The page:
Dorham led a short-lived group called the Jazz Prophets in 1956 which featured J.R. Montrose on tenor sax, Sam Jones on bass, Arthur Edgehill on drums, and Dick Katz on piano, who was later replaced by Bobby Timmons. The group recorded for Blue Note at the Café Bohemia and three albums were released under Dorham’s name:‘Round About Midnight at the Café Bohemia Vols. 1-3. Dorham also recorded in 1956 with the likes of Tadd Dameron, Phil Woods, Cecil Payne, Matthew Gee, Hank Mobley, Sonny Rollins, Gil Melle, and Ernie Henry.
After Clifford Brown’s tragic death in a car accident in September of 1956, drummer Max Roach called upon Dorham to replace the great trumpeter in his quintet. Dorham stayed with Roach for nearly two years, and is heard on Jazz in 3/4 Time (which features the trumpeter alongside Sonny Rollins on “Blues Waltz” and “Lover,” Max Roach + Four, Max Roach 4 Plays Charlie Parker, and Max.
Dorham’s own Jazz Contrasts was recorded in 1957, teaming him with Roach frontline mate Sonny Rollins on “I’ll Remember April” and also accompanied on half of the tracks by harpist Betty Glamann. After the Roach group disbanded, Dorham recorded some memorable albums as a leader in 1958 and 1959, including his pristine Quiet Kenny, which featured “Blue Spring Shuffle,” and even a vocal album, Kenny Dorham Sings and Plays: This Is the Moment.
Dorham also performed on one of the more unusual albums of the 1950s alongside John Coltrane and the avant-gardist Cecil Taylor, who forces his uncompromising, vigorous piano playing into an otherwise hard-bop-oriented affair. The uneven album would be ultimately released on Blue Note as Coltrane Time in 1962. Other session work included dates with Abbey Lincoln, Betty Carter, Jackie McLean, Oliver Nelson, and Eric Dolphy.
In 1961, Dorham recorded the fantastic album Whistle Stop for Blue Note. In 1963, he began a prolific partnership with tenorman Joe Henderson. The trumpeter was an early proponent of the young tenorist, and his brilliant Una Mas was Henderson’s first recording session. Dorham was now associating with musicians over ten years his junior, and their forward-thinking ways pushed the trumpeter into greater, more daring territory. In particular, Henderson’s harmonically adventurous improvisations forced Dorham to intensify his own playing and include more open modal structures within his compositions.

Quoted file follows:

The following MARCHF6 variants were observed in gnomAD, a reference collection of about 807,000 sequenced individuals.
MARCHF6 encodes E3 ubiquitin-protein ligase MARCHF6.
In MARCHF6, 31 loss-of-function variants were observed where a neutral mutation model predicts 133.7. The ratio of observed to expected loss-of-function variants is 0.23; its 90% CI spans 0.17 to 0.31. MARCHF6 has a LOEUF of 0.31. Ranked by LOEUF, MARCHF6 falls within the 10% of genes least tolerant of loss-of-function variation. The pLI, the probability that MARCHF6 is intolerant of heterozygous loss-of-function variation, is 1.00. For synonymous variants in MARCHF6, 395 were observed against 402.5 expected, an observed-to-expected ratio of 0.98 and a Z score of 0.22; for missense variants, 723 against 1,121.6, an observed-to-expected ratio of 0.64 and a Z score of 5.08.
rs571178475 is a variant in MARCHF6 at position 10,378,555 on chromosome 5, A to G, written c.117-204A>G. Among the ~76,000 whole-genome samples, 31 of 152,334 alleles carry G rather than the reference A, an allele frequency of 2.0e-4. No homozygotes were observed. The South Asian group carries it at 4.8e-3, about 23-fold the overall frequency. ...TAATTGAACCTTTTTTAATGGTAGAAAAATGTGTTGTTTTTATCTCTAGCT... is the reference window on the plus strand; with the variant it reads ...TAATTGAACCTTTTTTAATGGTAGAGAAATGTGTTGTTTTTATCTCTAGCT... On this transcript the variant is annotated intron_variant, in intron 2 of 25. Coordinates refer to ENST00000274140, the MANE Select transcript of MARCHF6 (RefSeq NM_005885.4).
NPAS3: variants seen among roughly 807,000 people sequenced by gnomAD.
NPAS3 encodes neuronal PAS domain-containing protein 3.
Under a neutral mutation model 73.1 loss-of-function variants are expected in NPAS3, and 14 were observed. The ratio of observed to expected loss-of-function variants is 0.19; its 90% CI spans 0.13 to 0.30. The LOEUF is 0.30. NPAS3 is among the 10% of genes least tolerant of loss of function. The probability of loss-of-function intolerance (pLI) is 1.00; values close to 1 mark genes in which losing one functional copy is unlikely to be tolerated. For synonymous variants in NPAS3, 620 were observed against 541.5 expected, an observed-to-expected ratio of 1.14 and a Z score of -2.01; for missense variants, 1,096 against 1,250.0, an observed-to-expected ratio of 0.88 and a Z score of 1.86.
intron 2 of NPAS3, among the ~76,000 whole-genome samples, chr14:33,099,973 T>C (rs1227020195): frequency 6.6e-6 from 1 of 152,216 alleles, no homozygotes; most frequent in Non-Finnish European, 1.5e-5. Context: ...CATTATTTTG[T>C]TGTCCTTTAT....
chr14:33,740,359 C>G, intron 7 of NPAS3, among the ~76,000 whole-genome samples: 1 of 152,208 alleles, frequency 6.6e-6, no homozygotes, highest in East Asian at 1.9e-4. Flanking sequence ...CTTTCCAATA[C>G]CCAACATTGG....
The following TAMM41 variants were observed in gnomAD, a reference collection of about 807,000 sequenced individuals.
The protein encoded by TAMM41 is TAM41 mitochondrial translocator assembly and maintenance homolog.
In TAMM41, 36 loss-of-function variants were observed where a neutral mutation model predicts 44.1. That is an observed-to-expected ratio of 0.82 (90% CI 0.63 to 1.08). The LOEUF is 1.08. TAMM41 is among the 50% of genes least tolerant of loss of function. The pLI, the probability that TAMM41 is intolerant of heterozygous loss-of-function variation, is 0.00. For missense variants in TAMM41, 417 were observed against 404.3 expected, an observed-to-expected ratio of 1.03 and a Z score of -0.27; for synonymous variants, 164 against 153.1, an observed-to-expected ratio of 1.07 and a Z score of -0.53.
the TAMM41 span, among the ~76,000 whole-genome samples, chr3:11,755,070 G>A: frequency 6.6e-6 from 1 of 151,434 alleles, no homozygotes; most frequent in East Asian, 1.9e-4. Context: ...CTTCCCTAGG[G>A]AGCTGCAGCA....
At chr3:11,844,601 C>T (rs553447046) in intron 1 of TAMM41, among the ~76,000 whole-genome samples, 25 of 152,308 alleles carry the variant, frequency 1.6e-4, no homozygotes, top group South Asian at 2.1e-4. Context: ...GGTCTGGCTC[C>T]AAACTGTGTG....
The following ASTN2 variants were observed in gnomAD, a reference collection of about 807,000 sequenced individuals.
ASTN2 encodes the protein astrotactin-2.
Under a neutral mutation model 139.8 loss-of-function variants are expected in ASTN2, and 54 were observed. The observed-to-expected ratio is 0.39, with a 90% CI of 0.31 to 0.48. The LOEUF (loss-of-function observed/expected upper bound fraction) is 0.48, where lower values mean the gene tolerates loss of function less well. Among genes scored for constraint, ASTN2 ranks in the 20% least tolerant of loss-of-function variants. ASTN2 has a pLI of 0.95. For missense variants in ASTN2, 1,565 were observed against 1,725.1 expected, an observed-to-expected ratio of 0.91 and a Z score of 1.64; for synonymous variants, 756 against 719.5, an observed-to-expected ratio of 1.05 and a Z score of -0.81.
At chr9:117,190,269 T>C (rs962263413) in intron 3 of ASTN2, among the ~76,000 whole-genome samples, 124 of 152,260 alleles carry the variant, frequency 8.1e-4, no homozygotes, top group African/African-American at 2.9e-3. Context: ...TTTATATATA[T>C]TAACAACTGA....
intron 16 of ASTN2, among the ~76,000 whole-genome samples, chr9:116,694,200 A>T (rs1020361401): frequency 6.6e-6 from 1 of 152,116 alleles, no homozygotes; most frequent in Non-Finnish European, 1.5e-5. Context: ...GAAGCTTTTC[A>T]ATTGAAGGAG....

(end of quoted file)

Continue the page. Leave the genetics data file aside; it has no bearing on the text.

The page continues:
“Una Mas” featured Herbie Hancock, Butch Warren, and Tony Williams in the rhythm section, backing Dorham as he blows one of his more aggressive and bold statements on record. Dorham’s most lasting contribution to the jazz canon, “Blue Bossa,” was the opening track on Henderson’s first album as a leader, Page One. Henderson’s Our Thing followed in 1963, which featured a swinging title track, and his In ‘n Out was recorded in 1964.
The intrepid pianist Andrew Hill requested both Henderson and Dorham’s services on his breakout, avant-garde Blue Note masterpiece Point of Departure in 1964. Now nearly forty years old, Dorham is audibly pushing himself in the company of these younger progressives, deeply investigating the possibilities inside Hill’s ambiguously open harmonies with intense arpeggios, repeated intervals and contrasting lyrical flurries. Listen to his edgy improvisation on the fiery “Refuge.”
Dorham recorded his final session as a leader, Trumpet Toccata, later that year. He became less active into the later 1960s and as he again found it difficult to make a living playing jazz trumpet; he found work at times at a sugar refinery, the post office, and medical plants. He recorded with Cedar Walton, Toshiko Akiyoshi, Barry Harris, and Clifford Jordan in the late 1960s while also writing record reviews for Down Beat magazine.
Dorham continued to study music at New York University, was a consultant for the Harlem Youth Act anti-poverty program, and held a position on the board of the of the New York Neophonic Orchestra. By 1970, his health began to seriously deteriorate and a kidney ailment forced him into fifteen hours of weekly dialysis at a local hospital. He died on December 5, 1972 of kidney failure.